France: President Chirac enacts “First Job Contract” legislation
Rick Kelly and Antoine Lerougetel
1 April 2006
French President Jacques Chirac announced yesterday that he will ratify the government’s “First Job Contract” (CPE—Contrat première embauche) legislation. Chirac’s decision to press ahead with the CPE despite overwhelming public opposition and ongoing strikes and demonstrations signifies that the political establishment is preparing a decisive confrontation with the working class and youth.
The CPE allows employers to fire young workers without cause during their first two years of employment. In a televised announcement last night, Chirac repeated Prime Minister Dominique de Villepin’s assertions that the government’s attack on employment conditions would help jobless youth. “It’s time to disentangle the situation by being just and reasonable with but one requirement: the national interest,” he declared. “When the national interest is involved, there can be neither winners nor losers.”
Chirac offered no genuine concessions. He repeated Villepin’s previous offer to adjust certain aspects of the legislation, specifically reducing the two-year trial period to one year, and added that “in the case of the ending of a contract, the right of the young worker to know the reasons for it will be inserted in the new law.” In other words, companies can still sack young workers without cause so long as they offer an explanation for the dismissal. The proposed adjustments will take the form of further legislation to be approved by the parliament. The CPE as originally formulated is now law.
The president referred to the “social partners”—the trade unions and employers’ associations. “I know their sense of responsibility,” he declared. “I am inviting them, as well as the representatives of the university and high school students’ organisations, to play their full part in the elaboration of these new measures.”
Interior Minister Nicolas Sarkozy declared his full support for Chirac’s announcement. “I welcome this decision, which is a wise decision and which corresponds to what the immense majority of UMP [the ruling Union for a Popular Movement party] deputies wished,” he said. Sarkozy’s support for the president is particularly significant given his previous criticisms of Villepin and aspects of the CPE. Sarkozy and Villepin are contending for the UMP’s nomination in next year’s presidential election.
The government’s united front on the CPE is a reflection of the objective situation faced by the ruling elite. The ruling class can no longer afford to maintain France’s existing “social model” and is systematically dismantling the social gains won by working people in the post-World War II period. In the interests of maintaining the international competitiveness of French capitalism, all impediments to the accumulation of profit and private wealth are being dismantled.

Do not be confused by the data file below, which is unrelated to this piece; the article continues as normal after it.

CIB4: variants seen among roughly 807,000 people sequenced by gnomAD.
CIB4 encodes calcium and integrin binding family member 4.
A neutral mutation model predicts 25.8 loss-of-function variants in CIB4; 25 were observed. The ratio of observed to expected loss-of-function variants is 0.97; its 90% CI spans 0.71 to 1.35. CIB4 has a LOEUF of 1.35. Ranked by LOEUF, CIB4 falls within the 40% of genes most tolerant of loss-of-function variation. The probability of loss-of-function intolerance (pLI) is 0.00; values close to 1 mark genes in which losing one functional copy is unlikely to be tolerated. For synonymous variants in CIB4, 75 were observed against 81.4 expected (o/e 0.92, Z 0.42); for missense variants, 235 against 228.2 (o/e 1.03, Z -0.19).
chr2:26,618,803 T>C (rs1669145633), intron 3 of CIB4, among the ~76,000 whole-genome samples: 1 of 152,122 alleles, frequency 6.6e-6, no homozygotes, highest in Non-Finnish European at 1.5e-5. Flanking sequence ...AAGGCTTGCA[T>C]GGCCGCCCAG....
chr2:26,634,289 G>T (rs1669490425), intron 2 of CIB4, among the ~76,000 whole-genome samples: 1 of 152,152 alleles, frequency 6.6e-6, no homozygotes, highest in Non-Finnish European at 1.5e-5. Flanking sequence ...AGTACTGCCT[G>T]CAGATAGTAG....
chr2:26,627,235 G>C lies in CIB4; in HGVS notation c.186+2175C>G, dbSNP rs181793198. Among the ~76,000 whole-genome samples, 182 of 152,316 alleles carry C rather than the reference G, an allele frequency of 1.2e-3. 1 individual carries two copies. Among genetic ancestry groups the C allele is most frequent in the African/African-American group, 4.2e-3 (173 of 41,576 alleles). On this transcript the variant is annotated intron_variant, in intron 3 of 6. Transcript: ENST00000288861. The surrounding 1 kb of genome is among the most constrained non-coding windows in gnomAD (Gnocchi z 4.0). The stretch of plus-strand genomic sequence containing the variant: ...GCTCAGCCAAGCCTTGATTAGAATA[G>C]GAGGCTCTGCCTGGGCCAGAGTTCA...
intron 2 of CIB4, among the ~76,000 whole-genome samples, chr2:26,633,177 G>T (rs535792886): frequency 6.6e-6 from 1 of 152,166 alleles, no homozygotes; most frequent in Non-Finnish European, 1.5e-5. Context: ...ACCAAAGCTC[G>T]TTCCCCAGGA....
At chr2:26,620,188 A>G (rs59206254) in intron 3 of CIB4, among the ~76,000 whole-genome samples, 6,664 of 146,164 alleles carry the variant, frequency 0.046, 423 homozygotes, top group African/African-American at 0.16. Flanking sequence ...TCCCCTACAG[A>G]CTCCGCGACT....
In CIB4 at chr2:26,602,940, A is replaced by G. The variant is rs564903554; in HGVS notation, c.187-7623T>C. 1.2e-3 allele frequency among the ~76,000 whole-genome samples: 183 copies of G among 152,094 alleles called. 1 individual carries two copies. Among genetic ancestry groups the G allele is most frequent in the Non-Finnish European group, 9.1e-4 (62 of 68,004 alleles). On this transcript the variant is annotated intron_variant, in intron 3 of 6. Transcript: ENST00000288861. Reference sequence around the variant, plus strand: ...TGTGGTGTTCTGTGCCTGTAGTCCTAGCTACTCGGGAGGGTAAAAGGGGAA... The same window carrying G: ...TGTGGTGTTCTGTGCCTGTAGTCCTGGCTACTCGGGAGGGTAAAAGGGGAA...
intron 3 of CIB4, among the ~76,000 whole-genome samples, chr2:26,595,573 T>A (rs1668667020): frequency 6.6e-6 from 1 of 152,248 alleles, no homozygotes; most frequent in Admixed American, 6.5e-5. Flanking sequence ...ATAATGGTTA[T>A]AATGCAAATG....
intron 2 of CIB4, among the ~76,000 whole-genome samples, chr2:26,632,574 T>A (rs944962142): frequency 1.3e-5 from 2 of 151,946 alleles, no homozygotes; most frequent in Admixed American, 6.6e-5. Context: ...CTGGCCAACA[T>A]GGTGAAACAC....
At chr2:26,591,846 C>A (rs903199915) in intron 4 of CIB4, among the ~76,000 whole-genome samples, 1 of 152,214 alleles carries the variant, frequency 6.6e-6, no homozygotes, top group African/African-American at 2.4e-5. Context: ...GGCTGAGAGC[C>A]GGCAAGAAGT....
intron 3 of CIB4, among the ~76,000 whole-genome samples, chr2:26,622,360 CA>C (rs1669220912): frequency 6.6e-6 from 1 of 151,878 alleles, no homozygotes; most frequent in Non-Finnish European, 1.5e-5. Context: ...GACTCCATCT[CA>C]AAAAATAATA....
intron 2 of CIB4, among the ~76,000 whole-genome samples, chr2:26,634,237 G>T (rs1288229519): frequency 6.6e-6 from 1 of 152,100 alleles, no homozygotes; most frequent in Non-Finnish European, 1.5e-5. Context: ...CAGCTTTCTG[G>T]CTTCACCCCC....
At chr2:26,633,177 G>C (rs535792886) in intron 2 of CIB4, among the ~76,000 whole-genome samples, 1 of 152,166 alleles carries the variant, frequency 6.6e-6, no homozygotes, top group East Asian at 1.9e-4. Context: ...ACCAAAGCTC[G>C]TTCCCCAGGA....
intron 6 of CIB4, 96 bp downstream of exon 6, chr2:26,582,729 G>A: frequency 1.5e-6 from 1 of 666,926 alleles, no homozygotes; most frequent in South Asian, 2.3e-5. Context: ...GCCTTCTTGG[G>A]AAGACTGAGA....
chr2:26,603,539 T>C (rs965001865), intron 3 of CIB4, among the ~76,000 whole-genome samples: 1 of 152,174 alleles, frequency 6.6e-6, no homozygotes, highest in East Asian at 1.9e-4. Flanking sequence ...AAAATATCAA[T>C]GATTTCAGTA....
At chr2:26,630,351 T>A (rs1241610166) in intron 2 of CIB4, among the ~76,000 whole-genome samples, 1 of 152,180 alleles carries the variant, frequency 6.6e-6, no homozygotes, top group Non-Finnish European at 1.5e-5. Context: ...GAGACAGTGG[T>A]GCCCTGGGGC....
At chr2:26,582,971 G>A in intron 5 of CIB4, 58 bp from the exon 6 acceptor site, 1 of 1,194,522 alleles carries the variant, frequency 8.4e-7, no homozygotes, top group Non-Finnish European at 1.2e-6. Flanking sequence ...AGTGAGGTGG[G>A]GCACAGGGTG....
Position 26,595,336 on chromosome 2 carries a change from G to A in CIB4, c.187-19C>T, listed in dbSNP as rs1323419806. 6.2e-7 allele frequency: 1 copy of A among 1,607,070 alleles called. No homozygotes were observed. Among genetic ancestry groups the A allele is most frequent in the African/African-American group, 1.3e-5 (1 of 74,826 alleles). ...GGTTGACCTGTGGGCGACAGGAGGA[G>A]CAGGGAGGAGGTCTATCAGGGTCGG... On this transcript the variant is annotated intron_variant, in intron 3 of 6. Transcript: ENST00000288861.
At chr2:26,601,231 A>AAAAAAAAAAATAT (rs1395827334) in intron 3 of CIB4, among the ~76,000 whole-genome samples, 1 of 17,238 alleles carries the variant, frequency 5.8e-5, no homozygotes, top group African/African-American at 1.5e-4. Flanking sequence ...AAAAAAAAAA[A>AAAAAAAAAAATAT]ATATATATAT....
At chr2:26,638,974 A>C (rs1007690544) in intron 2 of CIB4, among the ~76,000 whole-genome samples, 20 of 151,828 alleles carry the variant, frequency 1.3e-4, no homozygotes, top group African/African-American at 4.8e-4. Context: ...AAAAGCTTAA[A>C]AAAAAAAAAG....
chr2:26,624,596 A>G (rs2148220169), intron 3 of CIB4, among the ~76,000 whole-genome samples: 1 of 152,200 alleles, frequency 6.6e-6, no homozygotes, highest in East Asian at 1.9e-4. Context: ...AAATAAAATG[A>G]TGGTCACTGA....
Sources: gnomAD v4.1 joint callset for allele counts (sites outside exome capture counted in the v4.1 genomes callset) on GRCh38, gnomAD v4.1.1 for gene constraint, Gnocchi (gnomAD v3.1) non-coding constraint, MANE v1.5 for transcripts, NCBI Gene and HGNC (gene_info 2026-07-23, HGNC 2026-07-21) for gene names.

As far as the government is concerned, any popular opposition to its programme is illegitimate. Chirac and Villepin have rejected any conception that their social and economic reforms should in any way reflect the wishes of the majority of the population. The political establishment now functions in an openly antidemocratic manner—carrying out the instructions of a tiny layer of financial oligarchs in opposition to the interests of the majority of the population.
French workers and youth have staged a series of mass demonstrations in the past month. Tens of thousands of students have gone on indefinite strike and mounted blockades of their high schools and universities. More than a million workers joined the youth in a national day of action on March 18, and last Tuesday more than 2 million striking workers and youth demonstrated across France. The national strike was the largest in two decades.
Thousands of students demonstrated in Paris and other cities after Chirac’s televised address. Youth in Bordeaux chanted, “Chirac resign” and “general strike until satisfaction.” Students in Paris marched from the Place de la Bastille to Chirac’s official residence to denounce his speech.
Every opinion survey published in the last month has demonstrated overwhelming opposition to the CPE and growing hostility to Chirac and Villepin. The latest poll published in Figaro Magazine shows Villepin’s approval rating at just 29 percent and Chirac’s at 20 percent. Of those surveyed, 78 percent said that they did not trust the president.
That such a weak and isolated administration feels capable of confronting the mass movement against the CPE reflects Chirac and Villepin’s confidence that neither the trade unions nor any of the “left” parties will mount any challenge to their rule.